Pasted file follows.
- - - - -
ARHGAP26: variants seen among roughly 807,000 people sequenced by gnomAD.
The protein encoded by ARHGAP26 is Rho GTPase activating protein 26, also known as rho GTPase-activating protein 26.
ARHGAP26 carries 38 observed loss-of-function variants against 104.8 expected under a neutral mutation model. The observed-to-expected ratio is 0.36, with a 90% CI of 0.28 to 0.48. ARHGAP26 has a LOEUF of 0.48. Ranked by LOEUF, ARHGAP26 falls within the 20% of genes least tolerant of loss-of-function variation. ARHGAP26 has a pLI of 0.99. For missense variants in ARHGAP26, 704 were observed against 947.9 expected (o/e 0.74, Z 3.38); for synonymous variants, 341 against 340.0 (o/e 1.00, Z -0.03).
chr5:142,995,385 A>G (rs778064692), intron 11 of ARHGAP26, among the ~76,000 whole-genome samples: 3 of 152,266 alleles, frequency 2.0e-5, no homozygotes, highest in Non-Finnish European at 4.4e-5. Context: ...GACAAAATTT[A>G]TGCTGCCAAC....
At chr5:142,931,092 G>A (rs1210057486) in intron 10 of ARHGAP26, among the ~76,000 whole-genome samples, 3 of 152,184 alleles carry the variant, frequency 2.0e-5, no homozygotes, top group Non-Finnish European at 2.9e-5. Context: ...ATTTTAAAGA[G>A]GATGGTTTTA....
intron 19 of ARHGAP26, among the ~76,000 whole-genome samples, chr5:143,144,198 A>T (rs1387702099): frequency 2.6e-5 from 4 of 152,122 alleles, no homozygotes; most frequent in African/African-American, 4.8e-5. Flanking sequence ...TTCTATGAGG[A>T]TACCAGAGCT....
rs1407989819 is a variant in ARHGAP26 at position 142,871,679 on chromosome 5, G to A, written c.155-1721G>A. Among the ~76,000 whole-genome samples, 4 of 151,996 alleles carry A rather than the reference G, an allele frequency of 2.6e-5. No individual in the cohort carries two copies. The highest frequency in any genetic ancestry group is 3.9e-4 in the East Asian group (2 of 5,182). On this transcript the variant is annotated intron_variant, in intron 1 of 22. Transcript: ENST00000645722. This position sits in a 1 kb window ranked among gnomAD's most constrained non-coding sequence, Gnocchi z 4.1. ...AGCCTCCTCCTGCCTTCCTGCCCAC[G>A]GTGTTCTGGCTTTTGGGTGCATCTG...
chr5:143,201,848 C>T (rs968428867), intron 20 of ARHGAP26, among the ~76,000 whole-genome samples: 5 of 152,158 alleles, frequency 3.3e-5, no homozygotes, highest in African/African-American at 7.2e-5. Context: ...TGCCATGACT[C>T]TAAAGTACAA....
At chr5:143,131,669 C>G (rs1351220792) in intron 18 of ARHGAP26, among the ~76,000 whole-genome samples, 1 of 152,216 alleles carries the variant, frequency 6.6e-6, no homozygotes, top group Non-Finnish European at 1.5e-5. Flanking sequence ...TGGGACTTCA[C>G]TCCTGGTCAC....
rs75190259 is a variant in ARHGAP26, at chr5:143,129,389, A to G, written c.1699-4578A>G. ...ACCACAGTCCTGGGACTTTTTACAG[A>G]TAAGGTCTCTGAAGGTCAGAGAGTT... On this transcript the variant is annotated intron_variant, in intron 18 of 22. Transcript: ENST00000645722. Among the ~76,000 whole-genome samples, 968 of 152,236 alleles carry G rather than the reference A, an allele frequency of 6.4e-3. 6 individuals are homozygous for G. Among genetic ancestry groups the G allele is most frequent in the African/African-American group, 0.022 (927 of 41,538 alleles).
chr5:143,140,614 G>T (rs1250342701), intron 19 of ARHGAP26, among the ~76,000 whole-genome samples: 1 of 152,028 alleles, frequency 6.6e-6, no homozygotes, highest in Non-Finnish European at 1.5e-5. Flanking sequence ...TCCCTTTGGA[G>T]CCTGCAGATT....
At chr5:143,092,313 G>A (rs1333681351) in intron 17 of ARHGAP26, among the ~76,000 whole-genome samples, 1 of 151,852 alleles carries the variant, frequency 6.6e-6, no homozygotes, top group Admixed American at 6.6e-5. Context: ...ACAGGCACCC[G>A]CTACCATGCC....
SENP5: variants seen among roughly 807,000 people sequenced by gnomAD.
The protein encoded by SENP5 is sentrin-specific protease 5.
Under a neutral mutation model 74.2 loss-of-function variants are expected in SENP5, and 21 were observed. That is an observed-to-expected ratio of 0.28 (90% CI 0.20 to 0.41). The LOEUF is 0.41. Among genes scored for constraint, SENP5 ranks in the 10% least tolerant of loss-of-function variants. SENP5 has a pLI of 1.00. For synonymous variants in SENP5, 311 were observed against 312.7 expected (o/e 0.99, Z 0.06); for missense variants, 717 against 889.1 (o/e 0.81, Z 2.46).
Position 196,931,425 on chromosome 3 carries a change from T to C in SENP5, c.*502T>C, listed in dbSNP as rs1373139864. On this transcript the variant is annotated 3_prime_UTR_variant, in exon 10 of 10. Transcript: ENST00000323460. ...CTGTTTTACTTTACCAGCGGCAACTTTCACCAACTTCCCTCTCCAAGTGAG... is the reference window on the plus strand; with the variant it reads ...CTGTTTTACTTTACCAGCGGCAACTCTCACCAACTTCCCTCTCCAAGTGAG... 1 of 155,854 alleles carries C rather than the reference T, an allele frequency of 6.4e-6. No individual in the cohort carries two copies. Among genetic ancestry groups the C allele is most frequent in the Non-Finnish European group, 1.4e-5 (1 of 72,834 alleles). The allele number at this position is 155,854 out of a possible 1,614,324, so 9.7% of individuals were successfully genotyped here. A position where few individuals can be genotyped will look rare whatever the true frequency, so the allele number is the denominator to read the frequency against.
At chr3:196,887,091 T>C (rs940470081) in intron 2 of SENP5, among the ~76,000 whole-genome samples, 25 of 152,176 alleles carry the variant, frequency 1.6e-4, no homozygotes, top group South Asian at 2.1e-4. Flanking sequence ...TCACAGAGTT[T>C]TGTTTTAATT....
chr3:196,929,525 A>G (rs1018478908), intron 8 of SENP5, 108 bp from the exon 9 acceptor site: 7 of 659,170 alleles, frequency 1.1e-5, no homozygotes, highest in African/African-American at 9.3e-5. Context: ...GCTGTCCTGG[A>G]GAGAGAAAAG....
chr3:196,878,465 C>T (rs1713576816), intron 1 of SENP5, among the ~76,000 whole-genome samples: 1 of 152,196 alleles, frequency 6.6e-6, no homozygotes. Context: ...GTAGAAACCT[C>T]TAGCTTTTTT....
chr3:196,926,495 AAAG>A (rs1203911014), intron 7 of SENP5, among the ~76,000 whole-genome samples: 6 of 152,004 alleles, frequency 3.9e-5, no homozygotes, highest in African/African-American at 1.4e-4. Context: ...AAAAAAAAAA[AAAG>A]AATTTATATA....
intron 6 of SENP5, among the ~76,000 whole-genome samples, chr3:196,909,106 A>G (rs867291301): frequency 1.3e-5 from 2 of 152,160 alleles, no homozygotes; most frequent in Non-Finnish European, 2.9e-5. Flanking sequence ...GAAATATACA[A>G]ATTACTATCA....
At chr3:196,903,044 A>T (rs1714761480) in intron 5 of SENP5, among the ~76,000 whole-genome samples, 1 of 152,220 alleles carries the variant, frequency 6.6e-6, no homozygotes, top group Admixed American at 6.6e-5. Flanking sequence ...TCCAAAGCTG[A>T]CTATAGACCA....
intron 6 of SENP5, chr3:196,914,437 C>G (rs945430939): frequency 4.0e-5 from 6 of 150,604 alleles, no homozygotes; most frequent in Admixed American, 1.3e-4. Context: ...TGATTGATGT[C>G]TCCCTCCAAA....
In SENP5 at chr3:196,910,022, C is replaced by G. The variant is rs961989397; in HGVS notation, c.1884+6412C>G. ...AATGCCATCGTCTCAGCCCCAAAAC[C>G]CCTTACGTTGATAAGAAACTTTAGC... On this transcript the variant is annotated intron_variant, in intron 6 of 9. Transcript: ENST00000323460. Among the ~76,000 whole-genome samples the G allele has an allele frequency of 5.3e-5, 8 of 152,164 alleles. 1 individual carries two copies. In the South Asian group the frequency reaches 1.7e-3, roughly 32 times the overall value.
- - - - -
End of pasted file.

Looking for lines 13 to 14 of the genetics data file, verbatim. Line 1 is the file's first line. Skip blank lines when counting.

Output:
SENP5: variants seen among roughly 807,000 people sequenced by gnomAD.
The protein encoded by SENP5 is sentrin-specific protease 5.